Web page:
21)     The exercise becomes natural when practiced over and over again. Movements and actions, which at first seemed

          difficult, flow freely and apparently without effort.


22)     Compliments are few, but are always given when deserved.


23)      The young masters are respected, but the old masters are vacated.


24)      He (a Karateka) unwillingly changes his way of life, for he can never be the same person again.


25)      The greatest object of the superior person is to preserve peace and tranquility. He takes no pleasure in winning

            battles. For if he did so, he would be finding gratification in the pain of others. He believes that he who takes

            delight in the defeat of others does not follow Tas. That which is not the way of the Tas will not endure.


26)       Do not dwell on the mistakes of others, but rather jubilate in their accomplishments.


27)       Become well liked in order to achieve your resolution:

                  a. Work hard; throw yourself into your job with abandonment.
                  b. Enjoy the work
                  c. Be humble, especially among your equals.
                  d. Compliment others on their achievements
                  e. Act with dignity, respect, and calmness. Observe the rules of etiquette.  Never be too busy for others.
                  f. Invite criticism of yourself
                  g. Do not present yourself as someone of great ability lest people's expectations rise higher than your ability.


28)       Have one resolution; set your sights on a high goal and resolve to reach it. Each moment you are making a

            resolution, and the resolutions add up to a lifetime. Try to perfect 'one' resolution in your lifetime.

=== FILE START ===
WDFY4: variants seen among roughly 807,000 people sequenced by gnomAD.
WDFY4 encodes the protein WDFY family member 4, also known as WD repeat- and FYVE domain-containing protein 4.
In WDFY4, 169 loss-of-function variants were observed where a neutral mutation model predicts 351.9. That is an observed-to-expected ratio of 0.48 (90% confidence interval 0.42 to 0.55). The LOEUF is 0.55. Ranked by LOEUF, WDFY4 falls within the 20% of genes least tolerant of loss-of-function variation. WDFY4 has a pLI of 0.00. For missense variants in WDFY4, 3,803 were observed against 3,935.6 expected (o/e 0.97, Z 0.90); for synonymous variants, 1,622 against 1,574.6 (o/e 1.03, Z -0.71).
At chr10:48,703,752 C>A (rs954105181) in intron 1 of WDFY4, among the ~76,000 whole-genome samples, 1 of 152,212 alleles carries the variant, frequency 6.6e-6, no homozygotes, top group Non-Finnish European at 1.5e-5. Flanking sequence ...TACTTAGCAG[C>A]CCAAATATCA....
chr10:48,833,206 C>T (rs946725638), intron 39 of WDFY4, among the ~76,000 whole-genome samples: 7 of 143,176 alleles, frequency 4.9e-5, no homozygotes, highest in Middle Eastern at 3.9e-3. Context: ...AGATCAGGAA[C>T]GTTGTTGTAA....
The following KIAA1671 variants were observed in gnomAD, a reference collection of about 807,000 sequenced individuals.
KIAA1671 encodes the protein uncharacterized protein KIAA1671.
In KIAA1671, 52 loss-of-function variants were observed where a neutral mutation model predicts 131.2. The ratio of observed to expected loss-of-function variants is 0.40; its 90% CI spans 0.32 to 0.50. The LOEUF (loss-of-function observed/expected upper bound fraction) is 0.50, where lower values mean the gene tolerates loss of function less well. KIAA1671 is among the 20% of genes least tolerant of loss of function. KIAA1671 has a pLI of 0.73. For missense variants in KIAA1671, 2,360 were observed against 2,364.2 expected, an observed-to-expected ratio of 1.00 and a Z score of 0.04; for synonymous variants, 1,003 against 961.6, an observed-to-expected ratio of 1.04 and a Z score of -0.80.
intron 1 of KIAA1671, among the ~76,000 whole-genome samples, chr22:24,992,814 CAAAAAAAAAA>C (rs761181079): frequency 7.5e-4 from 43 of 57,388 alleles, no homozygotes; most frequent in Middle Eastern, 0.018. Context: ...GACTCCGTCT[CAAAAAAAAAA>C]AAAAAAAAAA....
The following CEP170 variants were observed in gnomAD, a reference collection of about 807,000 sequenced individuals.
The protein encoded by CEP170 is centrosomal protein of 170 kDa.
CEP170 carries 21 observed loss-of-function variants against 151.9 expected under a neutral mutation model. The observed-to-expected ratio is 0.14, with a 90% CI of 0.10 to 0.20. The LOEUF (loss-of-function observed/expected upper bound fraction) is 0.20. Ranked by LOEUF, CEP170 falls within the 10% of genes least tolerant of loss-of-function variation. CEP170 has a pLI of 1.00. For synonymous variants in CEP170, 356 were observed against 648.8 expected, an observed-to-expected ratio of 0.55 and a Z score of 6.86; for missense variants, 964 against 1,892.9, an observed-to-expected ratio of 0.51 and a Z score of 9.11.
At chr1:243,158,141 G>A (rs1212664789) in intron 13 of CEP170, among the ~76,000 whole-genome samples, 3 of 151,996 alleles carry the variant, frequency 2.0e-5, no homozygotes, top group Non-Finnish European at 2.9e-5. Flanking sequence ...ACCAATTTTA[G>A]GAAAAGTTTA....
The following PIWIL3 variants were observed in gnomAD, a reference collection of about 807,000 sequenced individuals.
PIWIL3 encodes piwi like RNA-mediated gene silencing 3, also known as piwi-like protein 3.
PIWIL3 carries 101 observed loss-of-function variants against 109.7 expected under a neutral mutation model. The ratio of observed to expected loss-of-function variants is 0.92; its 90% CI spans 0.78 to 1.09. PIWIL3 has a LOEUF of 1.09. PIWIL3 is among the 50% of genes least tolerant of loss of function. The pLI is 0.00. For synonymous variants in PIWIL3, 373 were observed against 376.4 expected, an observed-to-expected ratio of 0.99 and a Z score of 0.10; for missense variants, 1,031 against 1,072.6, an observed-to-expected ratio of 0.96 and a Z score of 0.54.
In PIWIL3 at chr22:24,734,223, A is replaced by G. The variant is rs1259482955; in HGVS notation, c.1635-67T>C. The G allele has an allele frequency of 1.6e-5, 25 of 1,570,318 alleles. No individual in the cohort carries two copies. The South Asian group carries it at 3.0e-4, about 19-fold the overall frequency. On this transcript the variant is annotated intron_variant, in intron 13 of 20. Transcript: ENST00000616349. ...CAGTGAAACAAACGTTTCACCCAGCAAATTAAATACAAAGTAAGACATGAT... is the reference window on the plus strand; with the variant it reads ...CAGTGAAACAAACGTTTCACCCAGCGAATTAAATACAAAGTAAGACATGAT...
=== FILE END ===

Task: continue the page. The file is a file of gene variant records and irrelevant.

29)       Concentrate on "here and now"; the day of crisis should be the same as today; if you have properly prepared.


30)       Take the 'long view' of your resolution. Many people fail because of impatience. Tell yourself that you will prepare

             for a long time, and that your day will come. Until that day, you prepare, and all the work and hardships should be

            cause for joy for being given a chance to develop your skill, confidence, and courage.


31)       Persist in the essentials, be on guard in your word and deed to avoid even minor failures, but in a major undertaking

            don't 'worry' about minor failures, lest you lose heart and forget the essentials.


32)       Take large matters lightly; In your lifetime you will probably encounter only a few 'serious' problems. Plan for these

             problems daily be taking the small matters seriously, so that you may take the big problems lightly.


33)       Self discipline; Discipline yourself daily in thought, word, and action so that your character is pure. Know your own

            strengths and weaknesses and learn how to display your pride for it is like a sword: Displayed too often, people

            dread it; never displayed and others will treat it (and you) lightly.


34)      Trifles make perfection, and perfection is no trifle.


35)      A dream is a door to the past, a mirror of the present, and a window into the future, it is all this and more.


36)      What is the first business of one who studies? To part with self conceit. For it is impossible for anyone to learn what

           he thinks he already knows.


37)      You cannot teach anyone anything; you can only help one find it within themselves.


38)      There is nothing permanent except changes.


39)      I put my body through its' paces like a war horse; I keep it lean, sturdy, and prepared. I harden it and pity it. I have

            no other steed.


40)      If seven times you fall down, then eight times you will get up.  Sensei Bohan keep what he called "Words Of

           Wisdom" written on an old piece of a blackboard. He would change up the quote about every six months or so and

           at each change of quotes he would then lecture the students as to the meaning of each new quote and explain how it

           applied to life itself.